Five minutes away you’ll find The Consulate, a creaky 18th Century colonial bolthole decorated with sea charts, ship’s wheels, portraits of Nelson and enough maritime memorabilia to sink HMS Victory (consulatehotelsainthelena.com).
Nightly entertainment comes from singalongs by the piano, but if you prefer quieter contemplation, head for a seat on the wrought-iron balcony with a G&T.
Main Street in Jamestown, St Helena. On Monday morning, it is buttoned-down and business-like, but by Friday afternoon, locals and Brit expats are relaxing with a beer
Double rooms have period interiors to match the vibe and cost from £200 a night, including breakfast which is reassuringly familiar – eggs, bacon and pots of tea.
For the ultimate in peace and quiet, Bertrand’s Cottage is the former home of Napoleon’s right-hand man, Grand Marshal Henri-Gatien Bertrand (bertrandscottage.com). The French emperor was exiled on St Helena after the Battle of Waterloo, and Bertrand built a lovely retreat across the road from his master’s mansion, Longwood House, which is now a beacon for French history-lovers chasing Napoleon’s ghost (entry £10).
The three snug rooms at Bertrand’s Cottage have splendid views across the island, including to Diana’s Peak, St Helena’s highest point. Rooms cost from £130, including breakfast of French omelette and croissant.
Seafood in St Helena is a big deal. Tuna and wahoo are go-tos and the island’s cuisine is a fusion of trends and recipes from Britain, South East Asia and Africa. The most familiar are sesame-seared tuna or spicy fish cakes, scone-shaped patties of tuna belly and thickly sliced red chilli.
Don’t miss the local black pudding (made from rice instead of grain) and ‘plo’, a one-pot, open-fire cooked curry. Other unusual specialities include tomato paste sandwiches, known as ‘bread ’n’ dance’ for their ubiquitous appearance at carnivals and town hall dances.
For an exceptional experience, eat at the Mantis hotel (mantissthelena.com). Save it for your last night and enjoy delicious smoked tuna pâté and local pork belly.
Over at the world’s remotest distillery, prickly pear liquor is produced by Welsh expat Paul and a tour and tasting costs £5. Then there is the unexpected bounty of chocolatey St Helena coffee. It is made with pure, green-tipped bourbon arabica and can be found in only two places on the planet – at the St Helena Coffee Shop, run by Sheffield couple Bill and Jill, or at Harrods (where it is costs £75 per 100g).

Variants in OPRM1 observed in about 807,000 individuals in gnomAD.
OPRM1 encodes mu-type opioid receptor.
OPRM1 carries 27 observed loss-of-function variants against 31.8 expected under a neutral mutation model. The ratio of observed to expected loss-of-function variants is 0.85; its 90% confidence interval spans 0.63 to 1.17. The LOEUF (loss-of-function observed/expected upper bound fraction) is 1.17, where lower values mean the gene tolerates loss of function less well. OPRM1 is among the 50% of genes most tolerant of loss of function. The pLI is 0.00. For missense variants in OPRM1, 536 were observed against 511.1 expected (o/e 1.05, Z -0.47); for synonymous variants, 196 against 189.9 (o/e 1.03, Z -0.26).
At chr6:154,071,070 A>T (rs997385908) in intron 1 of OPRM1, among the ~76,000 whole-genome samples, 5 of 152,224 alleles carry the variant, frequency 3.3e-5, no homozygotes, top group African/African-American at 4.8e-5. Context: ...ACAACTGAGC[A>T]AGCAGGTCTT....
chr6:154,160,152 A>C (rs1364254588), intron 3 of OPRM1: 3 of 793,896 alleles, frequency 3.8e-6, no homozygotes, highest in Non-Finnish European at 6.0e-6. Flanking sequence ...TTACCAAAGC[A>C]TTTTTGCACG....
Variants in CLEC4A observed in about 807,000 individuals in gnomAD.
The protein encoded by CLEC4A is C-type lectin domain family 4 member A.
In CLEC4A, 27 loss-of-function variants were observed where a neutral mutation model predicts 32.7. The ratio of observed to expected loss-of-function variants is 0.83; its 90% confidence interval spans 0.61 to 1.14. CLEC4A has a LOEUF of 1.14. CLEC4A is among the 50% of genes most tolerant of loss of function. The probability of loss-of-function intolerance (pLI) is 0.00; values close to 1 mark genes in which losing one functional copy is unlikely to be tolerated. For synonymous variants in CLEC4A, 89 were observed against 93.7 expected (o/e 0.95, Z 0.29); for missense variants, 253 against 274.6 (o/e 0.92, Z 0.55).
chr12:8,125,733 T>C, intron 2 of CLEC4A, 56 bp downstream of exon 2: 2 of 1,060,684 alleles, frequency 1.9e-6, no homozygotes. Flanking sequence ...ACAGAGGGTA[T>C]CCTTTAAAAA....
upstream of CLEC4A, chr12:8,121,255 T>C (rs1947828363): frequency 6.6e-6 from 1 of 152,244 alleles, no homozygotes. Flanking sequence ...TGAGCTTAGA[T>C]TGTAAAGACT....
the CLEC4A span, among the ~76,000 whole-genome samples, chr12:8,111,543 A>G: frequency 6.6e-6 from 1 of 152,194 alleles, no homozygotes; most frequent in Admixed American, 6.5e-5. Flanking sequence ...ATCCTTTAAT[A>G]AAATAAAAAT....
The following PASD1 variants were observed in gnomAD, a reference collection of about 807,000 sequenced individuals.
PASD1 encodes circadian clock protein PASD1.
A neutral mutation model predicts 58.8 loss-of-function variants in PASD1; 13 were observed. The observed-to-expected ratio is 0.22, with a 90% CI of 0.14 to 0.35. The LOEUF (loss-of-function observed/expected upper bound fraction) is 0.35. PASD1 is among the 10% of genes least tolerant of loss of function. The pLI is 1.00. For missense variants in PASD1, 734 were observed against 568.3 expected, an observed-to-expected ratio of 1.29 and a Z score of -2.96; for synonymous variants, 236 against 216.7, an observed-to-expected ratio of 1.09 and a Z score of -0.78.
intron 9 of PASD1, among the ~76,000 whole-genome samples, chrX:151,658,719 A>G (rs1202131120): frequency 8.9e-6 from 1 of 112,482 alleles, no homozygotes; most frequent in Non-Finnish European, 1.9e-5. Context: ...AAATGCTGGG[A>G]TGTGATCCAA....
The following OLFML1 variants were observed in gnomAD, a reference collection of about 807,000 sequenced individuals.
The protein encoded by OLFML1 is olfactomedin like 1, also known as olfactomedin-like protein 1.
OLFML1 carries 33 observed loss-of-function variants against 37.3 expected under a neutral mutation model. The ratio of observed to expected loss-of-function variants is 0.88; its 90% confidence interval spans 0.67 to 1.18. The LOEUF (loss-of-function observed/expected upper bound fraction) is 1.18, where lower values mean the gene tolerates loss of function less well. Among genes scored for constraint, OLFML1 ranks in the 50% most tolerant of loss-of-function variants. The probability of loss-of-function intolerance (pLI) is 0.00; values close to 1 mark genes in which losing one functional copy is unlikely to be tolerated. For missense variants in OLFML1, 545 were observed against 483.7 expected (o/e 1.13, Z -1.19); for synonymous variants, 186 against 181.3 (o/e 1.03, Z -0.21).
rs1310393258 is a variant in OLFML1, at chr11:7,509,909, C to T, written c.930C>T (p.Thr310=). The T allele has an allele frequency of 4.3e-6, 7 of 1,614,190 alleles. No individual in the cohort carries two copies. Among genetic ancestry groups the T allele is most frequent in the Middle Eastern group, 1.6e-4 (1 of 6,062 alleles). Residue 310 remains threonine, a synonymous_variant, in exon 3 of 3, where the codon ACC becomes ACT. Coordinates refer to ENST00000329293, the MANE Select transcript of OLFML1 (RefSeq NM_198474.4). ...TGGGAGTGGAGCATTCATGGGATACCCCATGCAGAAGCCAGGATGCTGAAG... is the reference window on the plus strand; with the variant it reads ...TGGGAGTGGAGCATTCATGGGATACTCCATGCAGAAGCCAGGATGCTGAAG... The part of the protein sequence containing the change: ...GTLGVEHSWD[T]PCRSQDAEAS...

Settled by the East India Company in 1658, and used as the service station of the shipping world for centuries, St Helena is a tried-and-tested survivor. The fortified walls, cannons and moat of Jamestown make it look like an impregnable, ends- of-the-earth castle.
Huff and puff up the 699 stone steps of Jacob’s Ladder, the remains of the company’s cargo-carrying cable railway, and you’ll be rewarded by an explosive sunset. High Knoll Fort, which dates from 1799, is worth a visit, as is the Museum of St Helena (museumofsainthelena.org).
WILDLIFE TOURS AND STARGAZING
Sea giant: St Helena is the only place in the world where male and female whale sharks are spotted in such huge numbers
Exotic: Pictured is a St Helena Waxbill, which is a small passerine bird and one of the island’s distinctive species
Did you know St Helena is the only place in the world where male and female whale sharks are spotted in such huge numbers? In season, from January to late March, it’s not uncommon to see two dozen cavorting in the water as they migrate through the island’s shallow summer waters.
On the way to Flagstaff Bay, you’re also likely to spot the island’s resident 800-strong pod of pantropical dolphins. The cost of a half-day trip is about £20 per person and in a land of spectacular sightings, this is a standout moment (divesainthelena.com).
Skittish wire birds – all silver plumage and cartoon legs – are endemic and nest alongside thronging populations of terns and petrels. Pack your binoculars and be ready to be surprised by a kaleidoscopic bustle of red-billed tropicbirds, noddies, masked boobies and gibbering Indian mynas.
You’ll also get a chance to see the island’s 455 species of invertebrates, including the fairytale-like blushing snail, golden leafhopper and Janich’s fungus weevil.
For anyone wanting to look skywards at night, stargazing tours are available from Derek Richards of Island Images (price on application; islandimages.co.sh).